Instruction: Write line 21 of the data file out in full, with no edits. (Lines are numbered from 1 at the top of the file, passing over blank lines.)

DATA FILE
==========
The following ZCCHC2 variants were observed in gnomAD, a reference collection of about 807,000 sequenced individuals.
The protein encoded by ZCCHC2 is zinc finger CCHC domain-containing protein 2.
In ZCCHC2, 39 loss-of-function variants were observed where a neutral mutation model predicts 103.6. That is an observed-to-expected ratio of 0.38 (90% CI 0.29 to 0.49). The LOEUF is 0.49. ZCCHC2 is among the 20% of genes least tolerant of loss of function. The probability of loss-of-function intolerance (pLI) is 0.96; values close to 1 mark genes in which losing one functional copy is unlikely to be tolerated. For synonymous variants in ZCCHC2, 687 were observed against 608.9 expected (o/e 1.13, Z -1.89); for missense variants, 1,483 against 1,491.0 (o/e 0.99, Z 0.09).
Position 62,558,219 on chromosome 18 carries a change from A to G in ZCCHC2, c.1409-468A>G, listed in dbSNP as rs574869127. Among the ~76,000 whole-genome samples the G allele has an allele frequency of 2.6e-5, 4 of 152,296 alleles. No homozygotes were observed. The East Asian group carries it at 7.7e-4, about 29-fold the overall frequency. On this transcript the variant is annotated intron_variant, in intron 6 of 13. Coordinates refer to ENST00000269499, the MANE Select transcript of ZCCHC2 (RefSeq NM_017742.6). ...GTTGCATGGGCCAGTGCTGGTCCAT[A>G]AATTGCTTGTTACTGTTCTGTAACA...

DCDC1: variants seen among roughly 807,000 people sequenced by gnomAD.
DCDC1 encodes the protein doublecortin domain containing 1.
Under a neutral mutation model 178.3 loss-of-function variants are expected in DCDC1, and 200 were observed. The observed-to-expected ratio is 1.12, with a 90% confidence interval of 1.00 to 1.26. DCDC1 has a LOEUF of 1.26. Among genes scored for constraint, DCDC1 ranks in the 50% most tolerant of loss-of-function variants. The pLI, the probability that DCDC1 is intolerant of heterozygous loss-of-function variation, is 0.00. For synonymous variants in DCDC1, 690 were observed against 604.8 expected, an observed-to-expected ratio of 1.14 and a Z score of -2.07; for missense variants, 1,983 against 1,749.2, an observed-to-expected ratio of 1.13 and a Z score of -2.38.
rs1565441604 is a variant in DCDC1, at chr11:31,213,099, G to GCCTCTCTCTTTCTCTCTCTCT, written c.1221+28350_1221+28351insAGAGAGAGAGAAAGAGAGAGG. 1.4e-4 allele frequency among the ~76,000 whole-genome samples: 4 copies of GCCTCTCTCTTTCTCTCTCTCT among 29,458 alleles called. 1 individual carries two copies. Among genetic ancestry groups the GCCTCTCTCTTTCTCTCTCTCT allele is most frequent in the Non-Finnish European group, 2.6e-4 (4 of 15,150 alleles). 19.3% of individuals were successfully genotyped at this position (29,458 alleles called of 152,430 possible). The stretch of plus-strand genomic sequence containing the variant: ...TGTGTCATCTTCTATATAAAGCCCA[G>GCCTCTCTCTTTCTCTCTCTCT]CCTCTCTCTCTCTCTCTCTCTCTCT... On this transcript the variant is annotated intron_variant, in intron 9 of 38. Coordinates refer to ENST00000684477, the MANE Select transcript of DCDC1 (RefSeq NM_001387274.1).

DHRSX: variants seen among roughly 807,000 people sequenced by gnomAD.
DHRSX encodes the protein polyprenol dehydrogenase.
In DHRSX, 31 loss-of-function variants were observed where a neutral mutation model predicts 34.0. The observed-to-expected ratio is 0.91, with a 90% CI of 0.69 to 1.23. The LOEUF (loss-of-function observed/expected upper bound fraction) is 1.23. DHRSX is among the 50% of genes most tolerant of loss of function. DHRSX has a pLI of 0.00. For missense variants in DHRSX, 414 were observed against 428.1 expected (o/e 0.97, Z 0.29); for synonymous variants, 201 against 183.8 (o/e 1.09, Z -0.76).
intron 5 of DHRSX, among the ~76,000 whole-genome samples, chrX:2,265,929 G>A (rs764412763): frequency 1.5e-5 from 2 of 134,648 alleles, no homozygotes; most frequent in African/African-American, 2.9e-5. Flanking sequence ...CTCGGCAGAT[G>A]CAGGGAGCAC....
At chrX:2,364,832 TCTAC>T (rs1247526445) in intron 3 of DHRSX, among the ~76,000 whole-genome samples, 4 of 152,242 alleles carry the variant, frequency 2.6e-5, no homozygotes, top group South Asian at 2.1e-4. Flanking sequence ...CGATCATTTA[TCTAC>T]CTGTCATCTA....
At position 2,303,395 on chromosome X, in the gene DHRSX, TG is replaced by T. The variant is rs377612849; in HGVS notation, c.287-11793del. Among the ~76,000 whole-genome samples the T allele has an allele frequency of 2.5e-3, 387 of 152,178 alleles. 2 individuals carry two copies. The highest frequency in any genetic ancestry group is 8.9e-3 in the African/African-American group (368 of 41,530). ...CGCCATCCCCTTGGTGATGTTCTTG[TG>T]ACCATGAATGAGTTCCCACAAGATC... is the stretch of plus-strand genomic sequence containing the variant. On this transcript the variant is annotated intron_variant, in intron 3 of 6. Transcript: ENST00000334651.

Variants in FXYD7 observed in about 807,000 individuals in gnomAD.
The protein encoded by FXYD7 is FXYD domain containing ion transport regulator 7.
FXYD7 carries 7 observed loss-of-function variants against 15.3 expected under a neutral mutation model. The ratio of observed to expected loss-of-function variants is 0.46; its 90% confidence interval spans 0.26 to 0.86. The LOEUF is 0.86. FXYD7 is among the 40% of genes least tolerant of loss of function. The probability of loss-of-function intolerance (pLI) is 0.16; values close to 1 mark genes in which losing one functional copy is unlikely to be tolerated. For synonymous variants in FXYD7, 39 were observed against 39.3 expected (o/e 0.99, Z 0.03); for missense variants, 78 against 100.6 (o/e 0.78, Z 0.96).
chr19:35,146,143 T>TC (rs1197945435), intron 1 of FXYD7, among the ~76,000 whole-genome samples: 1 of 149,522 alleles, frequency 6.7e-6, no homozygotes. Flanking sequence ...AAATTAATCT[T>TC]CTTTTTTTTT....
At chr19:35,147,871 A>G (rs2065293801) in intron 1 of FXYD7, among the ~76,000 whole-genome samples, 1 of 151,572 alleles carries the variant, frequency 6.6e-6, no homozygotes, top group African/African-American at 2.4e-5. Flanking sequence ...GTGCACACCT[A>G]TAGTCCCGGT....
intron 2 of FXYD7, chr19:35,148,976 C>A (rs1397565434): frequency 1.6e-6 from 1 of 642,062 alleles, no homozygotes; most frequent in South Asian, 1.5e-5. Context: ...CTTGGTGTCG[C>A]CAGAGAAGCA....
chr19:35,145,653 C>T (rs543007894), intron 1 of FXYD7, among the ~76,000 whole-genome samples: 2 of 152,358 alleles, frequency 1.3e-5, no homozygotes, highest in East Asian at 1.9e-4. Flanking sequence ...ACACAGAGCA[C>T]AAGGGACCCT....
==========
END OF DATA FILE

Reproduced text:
chr19:35,145,653 C>T (rs543007894), intron 1 of FXYD7, among the ~76,000 whole-genome samples: 2 of 152,358 alleles, frequency 1.3e-5, no homozygotes, highest in East Asian at 1.9e-4. Flanking sequence ...ACACAGAGCA[C>T]AAGGGACCCT....